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NEC code does allow for a 15A rated receptacle to be installed on a 20A branch circuit. Mainly because it's unfortunately done on a common practice. As a result, 15A rated receptacles have to be able to handle 20A. One of reason for 15A receptacles is cost and the labor to install. 20A wire terminations have the fastened and push connect connection are only allowed on 15A receptacles when using 14 ga wire. From a home builders perspective it's less expensive to build a home with 15A receptacles and 14 ga wire.

The current carrying capacity of wire is dependent on the wire gauge and the insulation and where it is used. 14 gauge NM wire in a wall can be used on circuits upto 15 amps. The same wire (if it has the appropriate rating or have been approved by UL/Intertek/TUV/etc) used inside a piece of equipment (not as a line cord) can potentially carry more than 15 amps (depends on the device and it's intended use).

There are many nuances when it comes to wire and that is why there is NEC, UL, ASTM, ASME, ASM & etc codes and standards, to control how a device is designed to when it is installed and used.
 

DIYorBust

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NEC code does allow for a 15A rated receptacle to be installed on a 20A branch circuit. Mainly because it's unfortunately done on a common practice. As a result, 15A rated receptacles have to be able to handle 20A. One of reason for 15A receptacles is cost and the labor to install. 20A wire terminations have the fastened and push connect connection are only allowed on 15A receptacles when using 14 ga wire. From a home builders perspective it's less expensive to build a home with 15A receptacles and 14 ga wire.

The current carrying capacity of wire is dependent on the wire gauge and the insulation and where it is used. 14 gauge NM wire in a wall can be used on circuits upto 15 amps. The same wire (if it has the appropriate rating or have been approved by UL/Intertek/TUV/etc) used inside a piece of equipment (not as a line cord) can potentially carry more than 15 amps (depends on the device and it's intended use).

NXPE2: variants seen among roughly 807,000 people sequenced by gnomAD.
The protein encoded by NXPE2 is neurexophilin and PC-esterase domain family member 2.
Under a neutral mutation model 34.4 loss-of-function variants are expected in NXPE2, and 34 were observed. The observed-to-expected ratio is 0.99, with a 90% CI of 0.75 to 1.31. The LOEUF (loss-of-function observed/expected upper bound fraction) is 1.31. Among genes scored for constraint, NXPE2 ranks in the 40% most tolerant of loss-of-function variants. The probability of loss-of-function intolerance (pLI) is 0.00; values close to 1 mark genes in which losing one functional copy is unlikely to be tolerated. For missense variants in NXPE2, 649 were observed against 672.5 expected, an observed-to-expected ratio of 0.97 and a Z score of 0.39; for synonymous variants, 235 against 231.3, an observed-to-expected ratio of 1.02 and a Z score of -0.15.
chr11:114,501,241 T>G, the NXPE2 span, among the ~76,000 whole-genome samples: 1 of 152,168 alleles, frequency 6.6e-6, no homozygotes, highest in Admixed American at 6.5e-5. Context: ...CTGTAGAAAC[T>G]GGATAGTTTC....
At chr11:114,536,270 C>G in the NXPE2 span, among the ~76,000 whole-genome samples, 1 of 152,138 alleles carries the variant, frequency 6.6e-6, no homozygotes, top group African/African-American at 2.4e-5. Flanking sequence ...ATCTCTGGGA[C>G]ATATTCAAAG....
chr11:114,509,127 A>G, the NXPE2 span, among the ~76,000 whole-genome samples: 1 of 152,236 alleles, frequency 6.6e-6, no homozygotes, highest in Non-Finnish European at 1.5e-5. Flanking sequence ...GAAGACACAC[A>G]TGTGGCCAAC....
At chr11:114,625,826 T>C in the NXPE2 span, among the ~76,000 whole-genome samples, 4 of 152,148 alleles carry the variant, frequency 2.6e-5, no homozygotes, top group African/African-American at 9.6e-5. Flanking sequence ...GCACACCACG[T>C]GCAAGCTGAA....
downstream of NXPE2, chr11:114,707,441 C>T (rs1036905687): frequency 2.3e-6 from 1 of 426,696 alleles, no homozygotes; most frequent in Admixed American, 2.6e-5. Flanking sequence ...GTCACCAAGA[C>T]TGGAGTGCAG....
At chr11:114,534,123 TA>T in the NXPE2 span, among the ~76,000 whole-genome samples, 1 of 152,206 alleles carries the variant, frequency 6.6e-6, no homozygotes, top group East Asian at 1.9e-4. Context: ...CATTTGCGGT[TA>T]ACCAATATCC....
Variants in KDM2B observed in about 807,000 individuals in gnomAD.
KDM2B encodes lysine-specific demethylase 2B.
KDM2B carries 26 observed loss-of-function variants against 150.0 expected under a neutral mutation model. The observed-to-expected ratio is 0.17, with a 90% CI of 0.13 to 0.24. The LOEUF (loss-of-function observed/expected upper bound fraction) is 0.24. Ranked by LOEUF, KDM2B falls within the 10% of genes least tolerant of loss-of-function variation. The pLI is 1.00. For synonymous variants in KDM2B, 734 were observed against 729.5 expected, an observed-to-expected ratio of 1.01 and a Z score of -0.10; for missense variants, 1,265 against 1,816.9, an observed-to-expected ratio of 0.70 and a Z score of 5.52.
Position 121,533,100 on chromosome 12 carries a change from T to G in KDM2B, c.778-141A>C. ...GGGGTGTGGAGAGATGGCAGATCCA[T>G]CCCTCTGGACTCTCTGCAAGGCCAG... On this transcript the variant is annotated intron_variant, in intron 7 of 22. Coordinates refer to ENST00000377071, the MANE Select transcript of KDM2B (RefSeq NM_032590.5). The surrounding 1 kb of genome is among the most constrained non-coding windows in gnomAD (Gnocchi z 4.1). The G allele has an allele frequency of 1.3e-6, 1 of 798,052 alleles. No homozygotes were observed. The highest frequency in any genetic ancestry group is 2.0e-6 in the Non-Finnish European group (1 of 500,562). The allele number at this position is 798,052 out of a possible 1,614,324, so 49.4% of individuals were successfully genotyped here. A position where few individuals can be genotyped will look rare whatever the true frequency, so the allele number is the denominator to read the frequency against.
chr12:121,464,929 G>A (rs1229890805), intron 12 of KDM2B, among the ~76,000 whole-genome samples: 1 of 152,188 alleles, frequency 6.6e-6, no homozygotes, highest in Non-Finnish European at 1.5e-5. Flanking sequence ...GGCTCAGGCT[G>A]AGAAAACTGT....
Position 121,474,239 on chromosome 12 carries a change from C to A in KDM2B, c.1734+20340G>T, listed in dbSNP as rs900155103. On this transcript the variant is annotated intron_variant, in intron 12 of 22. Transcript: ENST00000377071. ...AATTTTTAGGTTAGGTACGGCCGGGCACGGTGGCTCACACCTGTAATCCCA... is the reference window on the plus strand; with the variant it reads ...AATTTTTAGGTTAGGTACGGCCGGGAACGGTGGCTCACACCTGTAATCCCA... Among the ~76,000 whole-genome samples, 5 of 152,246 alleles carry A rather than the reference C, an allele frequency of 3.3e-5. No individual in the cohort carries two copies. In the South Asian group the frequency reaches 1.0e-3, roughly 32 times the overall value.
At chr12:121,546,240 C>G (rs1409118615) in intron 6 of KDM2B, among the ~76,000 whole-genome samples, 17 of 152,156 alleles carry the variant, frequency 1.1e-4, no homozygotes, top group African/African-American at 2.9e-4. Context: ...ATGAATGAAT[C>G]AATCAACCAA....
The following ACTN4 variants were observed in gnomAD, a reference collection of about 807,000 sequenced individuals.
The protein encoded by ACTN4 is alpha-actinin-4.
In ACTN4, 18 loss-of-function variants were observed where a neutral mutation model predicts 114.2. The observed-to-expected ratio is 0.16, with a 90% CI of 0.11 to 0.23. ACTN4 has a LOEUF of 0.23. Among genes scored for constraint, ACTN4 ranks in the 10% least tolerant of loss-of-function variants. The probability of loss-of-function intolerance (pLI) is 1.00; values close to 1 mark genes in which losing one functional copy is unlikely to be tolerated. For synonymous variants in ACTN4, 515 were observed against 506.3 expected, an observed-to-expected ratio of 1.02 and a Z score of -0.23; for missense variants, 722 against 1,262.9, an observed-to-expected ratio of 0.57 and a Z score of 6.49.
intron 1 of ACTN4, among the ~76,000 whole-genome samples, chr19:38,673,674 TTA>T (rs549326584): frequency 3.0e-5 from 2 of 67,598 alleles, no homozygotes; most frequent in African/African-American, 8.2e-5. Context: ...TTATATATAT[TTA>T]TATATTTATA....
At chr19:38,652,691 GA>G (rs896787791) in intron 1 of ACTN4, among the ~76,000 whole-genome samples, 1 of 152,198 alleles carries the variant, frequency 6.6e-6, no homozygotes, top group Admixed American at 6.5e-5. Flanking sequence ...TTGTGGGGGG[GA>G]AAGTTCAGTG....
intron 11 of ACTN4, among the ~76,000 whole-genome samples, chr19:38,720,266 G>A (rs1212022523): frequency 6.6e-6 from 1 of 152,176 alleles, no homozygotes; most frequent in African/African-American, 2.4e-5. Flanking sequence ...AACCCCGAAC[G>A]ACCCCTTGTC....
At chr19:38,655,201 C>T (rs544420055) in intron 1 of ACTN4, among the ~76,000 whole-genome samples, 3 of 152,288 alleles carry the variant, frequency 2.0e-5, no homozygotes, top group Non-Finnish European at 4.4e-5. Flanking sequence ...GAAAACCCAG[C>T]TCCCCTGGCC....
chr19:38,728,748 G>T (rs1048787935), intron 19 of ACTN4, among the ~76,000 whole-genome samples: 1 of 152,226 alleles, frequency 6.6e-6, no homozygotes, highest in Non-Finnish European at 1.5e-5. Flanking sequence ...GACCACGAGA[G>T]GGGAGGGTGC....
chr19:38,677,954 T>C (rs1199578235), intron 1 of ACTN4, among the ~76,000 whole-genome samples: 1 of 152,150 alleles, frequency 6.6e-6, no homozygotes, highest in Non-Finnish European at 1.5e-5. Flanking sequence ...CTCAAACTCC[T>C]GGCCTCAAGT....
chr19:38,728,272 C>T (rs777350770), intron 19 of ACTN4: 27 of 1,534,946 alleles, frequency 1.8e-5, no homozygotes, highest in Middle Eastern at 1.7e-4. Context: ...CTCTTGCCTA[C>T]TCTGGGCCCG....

There are many nuances when it comes to wire and that is why there is NEC, UL, ASTM, ASME, ASM & etc codes and standards, to control how a device is designed to when it is installed and used.

So are you basically saying it is safe to pass 20 amps through the wipers on a 15A outlet, if say a power strip is used? I think that is what I concluded. The outlets must be specified to handle the extra 5A, and I doubt it would save much cost per outlet to thin out the wiper since it needs to be strong enough to perform.
 
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So are you basically saying it is safe to pass 20 amps through the wipers on a 15A outlet, if say a power strip is used? I think that is what I concluded. The outlets must be specified to handle the extra 5A, and I doubt it would save much cost per outlet to thin out the wiper since it needs to be strong enough to perform.

When you make millions of them it's a savings. I don't recall the specific UL standard for the current testing (UL 498 details the testing of some outlets, there are other standard depending on the type of outlet). Per NEC code a 20a circuit is not meant to carry 20 amps continuously, it's 20a intermittently or 80% of 20a continuous. But it's likely that if you were to try and run something on a 20a circuit that has a 20a draw continuous it would likely be over 20a when you started it up and it would trip the breaker.

There are other nuances in code to cover common mistakes. On single phase (120 VAC) devices they have to be able to work safely with line and neutral swapped. Yes, outlets and plugs have different size prongs for line and neutral but it's not uncommon to find them mixed up.
 
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Sylvan

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So its like saying you can install a shower, and the homeowner can only turn the water 80% of the way on.